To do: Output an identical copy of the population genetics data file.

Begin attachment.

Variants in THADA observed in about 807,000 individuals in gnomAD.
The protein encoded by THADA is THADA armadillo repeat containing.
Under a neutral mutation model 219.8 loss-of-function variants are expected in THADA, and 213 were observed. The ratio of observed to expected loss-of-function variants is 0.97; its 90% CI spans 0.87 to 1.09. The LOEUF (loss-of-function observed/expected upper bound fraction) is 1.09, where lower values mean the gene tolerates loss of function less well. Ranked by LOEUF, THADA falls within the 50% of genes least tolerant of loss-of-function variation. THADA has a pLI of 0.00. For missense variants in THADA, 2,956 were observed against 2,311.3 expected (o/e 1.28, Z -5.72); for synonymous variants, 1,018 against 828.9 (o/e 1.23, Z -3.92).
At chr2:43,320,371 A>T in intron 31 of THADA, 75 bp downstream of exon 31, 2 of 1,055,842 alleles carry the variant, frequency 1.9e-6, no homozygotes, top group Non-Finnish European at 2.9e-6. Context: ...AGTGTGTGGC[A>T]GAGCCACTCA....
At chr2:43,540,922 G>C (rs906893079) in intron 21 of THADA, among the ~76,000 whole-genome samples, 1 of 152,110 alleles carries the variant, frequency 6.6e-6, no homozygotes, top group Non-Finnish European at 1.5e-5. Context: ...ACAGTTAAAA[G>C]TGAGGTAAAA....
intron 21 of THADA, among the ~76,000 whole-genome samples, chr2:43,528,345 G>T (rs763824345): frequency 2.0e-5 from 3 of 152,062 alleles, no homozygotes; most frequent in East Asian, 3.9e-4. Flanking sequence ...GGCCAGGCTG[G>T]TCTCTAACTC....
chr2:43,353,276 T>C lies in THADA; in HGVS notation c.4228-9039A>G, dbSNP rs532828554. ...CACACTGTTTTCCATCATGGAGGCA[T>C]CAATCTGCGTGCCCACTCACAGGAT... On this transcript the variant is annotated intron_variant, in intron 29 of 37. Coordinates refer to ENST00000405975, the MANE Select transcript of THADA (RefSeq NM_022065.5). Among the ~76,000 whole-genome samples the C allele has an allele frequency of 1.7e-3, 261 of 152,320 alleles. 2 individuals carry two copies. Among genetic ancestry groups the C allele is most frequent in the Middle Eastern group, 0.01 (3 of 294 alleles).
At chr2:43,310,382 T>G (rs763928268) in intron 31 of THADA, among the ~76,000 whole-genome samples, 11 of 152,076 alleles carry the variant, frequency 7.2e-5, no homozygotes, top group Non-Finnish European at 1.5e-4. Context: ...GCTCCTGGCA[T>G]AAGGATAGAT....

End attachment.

Variants in THADA observed in about 807,000 individuals in gnomAD.
The protein encoded by THADA is THADA armadillo repeat containing.
Under a neutral mutation model 219.8 loss-of-function variants are expected in THADA, and 213 were observed. The ratio of observed to expected loss-of-function variants is 0.97; its 90% CI spans 0.87 to 1.09. The LOEUF (loss-of-function observed/expected upper bound fraction) is 1.09, where lower values mean the gene tolerates loss of function less well. Ranked by LOEUF, THADA falls within the 50% of genes least tolerant of loss-of-function variation. THADA has a pLI of 0.00. For missense variants in THADA, 2,956 were observed against 2,311.3 expected (o/e 1.28, Z -5.72); for synonymous variants, 1,018 against 828.9 (o/e 1.23, Z -3.92).
At chr2:43,320,371 A>T in intron 31 of THADA, 75 bp downstream of exon 31, 2 of 1,055,842 alleles carry the variant, frequency 1.9e-6, no homozygotes, top group Non-Finnish European at 2.9e-6. Context: ...AGTGTGTGGC[A>T]GAGCCACTCA....
At chr2:43,540,922 G>C (rs906893079) in intron 21 of THADA, among the ~76,000 whole-genome samples, 1 of 152,110 alleles carries the variant, frequency 6.6e-6, no homozygotes, top group Non-Finnish European at 1.5e-5. Context: ...ACAGTTAAAA[G>C]TGAGGTAAAA....
intron 21 of THADA, among the ~76,000 whole-genome samples, chr2:43,528,345 G>T (rs763824345): frequency 2.0e-5 from 3 of 152,062 alleles, no homozygotes; most frequent in East Asian, 3.9e-4. Flanking sequence ...GGCCAGGCTG[G>T]TCTCTAACTC....
chr2:43,353,276 T>C lies in THADA; in HGVS notation c.4228-9039A>G, dbSNP rs532828554. ...CACACTGTTTTCCATCATGGAGGCA[T>C]CAATCTGCGTGCCCACTCACAGGAT... On this transcript the variant is annotated intron_variant, in intron 29 of 37. Coordinates refer to ENST00000405975, the MANE Select transcript of THADA (RefSeq NM_022065.5). Among the ~76,000 whole-genome samples the C allele has an allele frequency of 1.7e-3, 261 of 152,320 alleles. 2 individuals carry two copies. Among genetic ancestry groups the C allele is most frequent in the Middle Eastern group, 0.01 (3 of 294 alleles).
At chr2:43,310,382 T>G (rs763928268) in intron 31 of THADA, among the ~76,000 whole-genome samples, 11 of 152,076 alleles carry the variant, frequency 7.2e-5, no homozygotes, top group Non-Finnish European at 1.5e-4. Context: ...GCTCCTGGCA[T>G]AAGGATAGAT....